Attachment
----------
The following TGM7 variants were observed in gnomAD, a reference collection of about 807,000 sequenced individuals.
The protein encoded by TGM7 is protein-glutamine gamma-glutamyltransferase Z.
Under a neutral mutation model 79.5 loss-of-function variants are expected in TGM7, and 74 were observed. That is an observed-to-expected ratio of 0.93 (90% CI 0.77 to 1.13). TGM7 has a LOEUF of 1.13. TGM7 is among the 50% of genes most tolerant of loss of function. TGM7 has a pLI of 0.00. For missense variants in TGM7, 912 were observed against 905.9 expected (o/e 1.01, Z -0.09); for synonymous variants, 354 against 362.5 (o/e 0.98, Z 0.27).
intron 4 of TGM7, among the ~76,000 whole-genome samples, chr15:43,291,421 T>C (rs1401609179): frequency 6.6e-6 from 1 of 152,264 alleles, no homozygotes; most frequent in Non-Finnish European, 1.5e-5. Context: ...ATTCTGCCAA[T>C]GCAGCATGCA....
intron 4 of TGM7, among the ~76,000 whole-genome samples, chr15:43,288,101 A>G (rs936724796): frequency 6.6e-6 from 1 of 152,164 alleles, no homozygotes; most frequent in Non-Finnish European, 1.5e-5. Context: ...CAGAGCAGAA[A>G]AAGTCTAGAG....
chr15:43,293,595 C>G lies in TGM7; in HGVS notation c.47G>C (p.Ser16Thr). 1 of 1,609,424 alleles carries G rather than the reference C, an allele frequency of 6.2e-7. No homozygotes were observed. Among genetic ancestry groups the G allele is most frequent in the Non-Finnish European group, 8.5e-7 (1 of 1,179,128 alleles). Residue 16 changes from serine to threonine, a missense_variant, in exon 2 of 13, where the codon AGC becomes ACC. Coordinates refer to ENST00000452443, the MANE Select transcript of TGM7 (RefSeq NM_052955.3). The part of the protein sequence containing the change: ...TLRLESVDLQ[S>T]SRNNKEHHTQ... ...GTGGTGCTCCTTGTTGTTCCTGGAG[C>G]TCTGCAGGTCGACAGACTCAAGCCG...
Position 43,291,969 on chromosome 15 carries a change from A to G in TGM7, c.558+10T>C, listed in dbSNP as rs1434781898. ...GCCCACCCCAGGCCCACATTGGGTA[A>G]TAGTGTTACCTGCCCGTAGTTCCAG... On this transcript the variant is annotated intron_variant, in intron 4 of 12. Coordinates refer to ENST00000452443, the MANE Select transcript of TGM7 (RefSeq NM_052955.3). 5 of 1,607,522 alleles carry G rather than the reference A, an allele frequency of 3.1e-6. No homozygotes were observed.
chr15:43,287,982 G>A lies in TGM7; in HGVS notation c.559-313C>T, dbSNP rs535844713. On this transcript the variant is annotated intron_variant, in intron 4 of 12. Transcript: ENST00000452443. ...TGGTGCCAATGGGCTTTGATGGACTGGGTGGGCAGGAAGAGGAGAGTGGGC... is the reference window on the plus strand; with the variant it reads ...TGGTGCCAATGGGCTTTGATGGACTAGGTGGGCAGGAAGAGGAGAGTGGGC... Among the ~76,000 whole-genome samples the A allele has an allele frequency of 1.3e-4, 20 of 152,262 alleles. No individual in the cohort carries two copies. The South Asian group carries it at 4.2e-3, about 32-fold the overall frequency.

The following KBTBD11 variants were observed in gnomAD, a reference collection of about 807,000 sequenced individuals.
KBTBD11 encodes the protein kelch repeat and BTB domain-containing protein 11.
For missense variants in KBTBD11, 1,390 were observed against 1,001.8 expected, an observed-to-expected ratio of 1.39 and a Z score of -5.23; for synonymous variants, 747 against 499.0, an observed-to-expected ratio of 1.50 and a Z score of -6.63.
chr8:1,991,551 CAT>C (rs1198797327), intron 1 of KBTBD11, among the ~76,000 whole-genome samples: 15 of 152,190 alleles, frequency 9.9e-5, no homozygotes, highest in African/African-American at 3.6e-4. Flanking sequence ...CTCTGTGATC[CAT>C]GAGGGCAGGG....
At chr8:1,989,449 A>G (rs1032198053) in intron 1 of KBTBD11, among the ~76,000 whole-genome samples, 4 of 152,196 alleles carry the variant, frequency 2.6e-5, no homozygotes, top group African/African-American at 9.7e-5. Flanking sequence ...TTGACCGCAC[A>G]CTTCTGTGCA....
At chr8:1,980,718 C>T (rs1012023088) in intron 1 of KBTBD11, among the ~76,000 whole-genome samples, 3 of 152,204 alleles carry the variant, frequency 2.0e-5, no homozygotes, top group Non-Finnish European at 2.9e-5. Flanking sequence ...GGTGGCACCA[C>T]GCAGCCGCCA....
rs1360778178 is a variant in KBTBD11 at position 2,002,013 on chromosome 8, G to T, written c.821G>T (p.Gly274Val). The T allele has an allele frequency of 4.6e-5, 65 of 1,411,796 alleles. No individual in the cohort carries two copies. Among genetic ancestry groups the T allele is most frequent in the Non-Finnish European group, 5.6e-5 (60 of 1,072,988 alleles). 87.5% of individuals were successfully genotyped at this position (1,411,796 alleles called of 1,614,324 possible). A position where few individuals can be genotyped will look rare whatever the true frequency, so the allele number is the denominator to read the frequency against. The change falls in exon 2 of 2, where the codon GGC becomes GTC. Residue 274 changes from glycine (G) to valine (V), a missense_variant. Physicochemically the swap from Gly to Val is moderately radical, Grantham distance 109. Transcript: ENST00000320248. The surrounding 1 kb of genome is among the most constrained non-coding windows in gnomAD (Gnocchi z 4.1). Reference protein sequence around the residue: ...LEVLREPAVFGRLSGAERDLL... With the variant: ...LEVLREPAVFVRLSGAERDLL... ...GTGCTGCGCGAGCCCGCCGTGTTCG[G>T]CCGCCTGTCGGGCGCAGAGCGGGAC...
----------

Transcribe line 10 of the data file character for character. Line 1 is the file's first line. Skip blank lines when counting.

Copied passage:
KBTBD11 encodes the protein kelch repeat and BTB domain-containing protein 11.